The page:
Two new polls have affirmed a moderate downward trend in National's support since July -- but only to a still-high level of support at which to govern it would need, at most, support from ACT's and United Future's single electorate seats. National's latest four-poll average was 48.4%.
(Explainer: The POLL of POLLS is an arithmetical average of the four most recent major polls since mid-June, from among the following: TV1 Colmar Brunton, TV3 Reid Research, Fairfax Media-Ipsos, NZ Herald DigiPoll, Roy Morgan New Zealand (up to June only one of its two-a-month was included) and UMR Research, which is not published.*)
Labour looks to be troughing. But it also appeared to have troughed in July, only to drop again in early August. Its latest average was 26.2%, below its whole-of-2014 average of 28.8%.
The polls in the latest four-poll average were all taken after Nicky Hager's Dirty Politics book was launched on August 13 but before Judith Collins' sudden resignation on 30 August. The latest midpoint between the start and finish of interviewing was 25 August.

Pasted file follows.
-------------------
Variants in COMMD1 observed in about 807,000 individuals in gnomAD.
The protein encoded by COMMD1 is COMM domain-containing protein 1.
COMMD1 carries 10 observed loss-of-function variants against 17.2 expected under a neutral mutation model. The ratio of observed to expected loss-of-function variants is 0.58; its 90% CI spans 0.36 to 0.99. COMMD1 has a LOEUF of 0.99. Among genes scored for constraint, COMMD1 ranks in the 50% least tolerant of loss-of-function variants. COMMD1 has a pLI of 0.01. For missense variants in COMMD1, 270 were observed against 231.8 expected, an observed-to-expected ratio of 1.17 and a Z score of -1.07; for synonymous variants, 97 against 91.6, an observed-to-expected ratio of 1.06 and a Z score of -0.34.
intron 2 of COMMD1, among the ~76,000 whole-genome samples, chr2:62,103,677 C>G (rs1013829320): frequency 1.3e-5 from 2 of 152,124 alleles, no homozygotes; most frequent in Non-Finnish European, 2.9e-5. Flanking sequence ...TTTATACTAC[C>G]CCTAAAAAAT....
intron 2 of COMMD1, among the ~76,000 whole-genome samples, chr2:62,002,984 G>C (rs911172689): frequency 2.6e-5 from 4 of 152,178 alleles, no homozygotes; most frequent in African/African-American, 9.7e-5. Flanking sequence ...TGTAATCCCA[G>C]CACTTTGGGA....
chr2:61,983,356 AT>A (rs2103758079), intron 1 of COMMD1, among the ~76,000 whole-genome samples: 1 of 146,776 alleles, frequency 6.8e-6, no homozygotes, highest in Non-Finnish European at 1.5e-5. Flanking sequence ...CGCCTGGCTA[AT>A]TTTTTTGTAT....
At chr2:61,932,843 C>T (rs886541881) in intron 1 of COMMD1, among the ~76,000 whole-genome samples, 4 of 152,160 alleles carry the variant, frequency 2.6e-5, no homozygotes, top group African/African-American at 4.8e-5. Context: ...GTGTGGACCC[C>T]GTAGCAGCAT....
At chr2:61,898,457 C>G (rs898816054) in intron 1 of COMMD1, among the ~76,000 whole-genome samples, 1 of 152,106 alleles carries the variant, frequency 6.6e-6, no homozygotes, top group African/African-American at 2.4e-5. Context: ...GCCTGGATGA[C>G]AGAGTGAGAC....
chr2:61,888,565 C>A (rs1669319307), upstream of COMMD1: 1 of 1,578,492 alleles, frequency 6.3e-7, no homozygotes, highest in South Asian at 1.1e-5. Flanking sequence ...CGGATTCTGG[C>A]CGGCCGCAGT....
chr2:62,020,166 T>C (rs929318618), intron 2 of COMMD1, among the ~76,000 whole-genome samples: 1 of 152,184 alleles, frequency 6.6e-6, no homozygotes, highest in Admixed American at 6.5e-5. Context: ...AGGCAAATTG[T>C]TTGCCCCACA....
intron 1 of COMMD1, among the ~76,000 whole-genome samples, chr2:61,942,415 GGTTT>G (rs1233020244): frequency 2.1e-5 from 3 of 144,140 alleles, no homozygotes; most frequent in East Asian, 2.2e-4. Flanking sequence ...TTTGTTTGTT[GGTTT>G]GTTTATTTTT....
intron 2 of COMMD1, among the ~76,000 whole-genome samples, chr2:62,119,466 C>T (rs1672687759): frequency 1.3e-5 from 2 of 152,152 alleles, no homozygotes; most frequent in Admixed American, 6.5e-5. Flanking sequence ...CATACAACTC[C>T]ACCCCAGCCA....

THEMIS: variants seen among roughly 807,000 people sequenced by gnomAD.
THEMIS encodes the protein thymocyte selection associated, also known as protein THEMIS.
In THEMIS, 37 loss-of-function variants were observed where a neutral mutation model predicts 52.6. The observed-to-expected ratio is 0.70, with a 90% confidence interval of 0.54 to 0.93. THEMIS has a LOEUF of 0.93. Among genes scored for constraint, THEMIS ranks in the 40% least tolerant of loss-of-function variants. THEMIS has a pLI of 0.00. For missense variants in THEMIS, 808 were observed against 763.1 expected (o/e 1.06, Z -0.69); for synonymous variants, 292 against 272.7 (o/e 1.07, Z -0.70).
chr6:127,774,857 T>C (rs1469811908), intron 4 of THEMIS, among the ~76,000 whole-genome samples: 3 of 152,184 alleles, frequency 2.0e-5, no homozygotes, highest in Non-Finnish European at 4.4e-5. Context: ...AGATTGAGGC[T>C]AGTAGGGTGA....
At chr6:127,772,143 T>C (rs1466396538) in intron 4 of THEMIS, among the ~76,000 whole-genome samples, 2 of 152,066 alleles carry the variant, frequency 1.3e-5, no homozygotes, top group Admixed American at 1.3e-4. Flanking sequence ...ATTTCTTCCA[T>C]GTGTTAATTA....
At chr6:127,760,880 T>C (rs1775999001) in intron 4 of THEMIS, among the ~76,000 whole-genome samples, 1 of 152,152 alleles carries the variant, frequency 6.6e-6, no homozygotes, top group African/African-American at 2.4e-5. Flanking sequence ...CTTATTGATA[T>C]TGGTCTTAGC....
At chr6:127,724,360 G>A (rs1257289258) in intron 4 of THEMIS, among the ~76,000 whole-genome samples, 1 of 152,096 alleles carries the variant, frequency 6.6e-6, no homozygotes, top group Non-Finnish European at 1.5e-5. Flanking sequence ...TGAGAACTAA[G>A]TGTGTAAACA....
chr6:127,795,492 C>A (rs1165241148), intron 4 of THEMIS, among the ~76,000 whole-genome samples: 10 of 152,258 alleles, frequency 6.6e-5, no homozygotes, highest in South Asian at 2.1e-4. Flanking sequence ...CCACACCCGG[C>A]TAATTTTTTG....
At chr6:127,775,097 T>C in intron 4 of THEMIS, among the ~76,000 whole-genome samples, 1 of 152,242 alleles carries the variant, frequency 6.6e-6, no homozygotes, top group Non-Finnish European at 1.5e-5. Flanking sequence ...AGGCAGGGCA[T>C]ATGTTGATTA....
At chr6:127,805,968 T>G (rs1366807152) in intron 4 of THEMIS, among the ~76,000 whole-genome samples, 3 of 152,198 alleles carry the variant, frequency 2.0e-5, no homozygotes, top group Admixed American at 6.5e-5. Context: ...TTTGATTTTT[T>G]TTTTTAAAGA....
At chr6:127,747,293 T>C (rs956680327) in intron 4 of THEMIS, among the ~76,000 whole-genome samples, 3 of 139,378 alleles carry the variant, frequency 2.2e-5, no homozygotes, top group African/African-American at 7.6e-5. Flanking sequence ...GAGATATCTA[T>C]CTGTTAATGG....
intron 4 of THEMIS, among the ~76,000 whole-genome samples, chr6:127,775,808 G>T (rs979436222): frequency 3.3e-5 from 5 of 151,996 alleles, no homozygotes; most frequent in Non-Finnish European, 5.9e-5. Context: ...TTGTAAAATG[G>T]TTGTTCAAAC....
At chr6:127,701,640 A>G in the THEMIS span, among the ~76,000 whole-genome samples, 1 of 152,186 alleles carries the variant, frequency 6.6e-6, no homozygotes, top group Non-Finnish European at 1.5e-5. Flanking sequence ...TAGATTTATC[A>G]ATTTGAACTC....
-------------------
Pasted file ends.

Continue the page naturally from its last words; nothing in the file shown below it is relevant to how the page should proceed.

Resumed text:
Amidst all this, the Greens held steady at a 12.5% average, which would net it 16 seats, half of the total Labour could expect on its reading.
National's downward trend has pulled its lead over Labour and the Greens combined down to a still strong 9.7%.
The two winners from the fallout from National and Labour have been New Zealand First, average 5.2%, and the Conservatives, average 3.1%, both slightly down from recent peaks. Internet-Mana was 2.6%, the Maori party 0.9% (not enough to bring in additional seats to Te Ururoa Flavell's electorate seat unless other candidates win electorate seats), ACT 0.4% and United Future 0.2%.
The next Roy Morgan poll is expected this week. So its strong reading that the country is on the right track is unchanged.
(* The four polls included in the latest average were, in date order of the midpoint between the start and finish of voter interviews, Fairfax, NZ Herald, UMR and TV1 The poll on whether the country is going in the right or wrong direction is from Roy Morgan New Zealand.)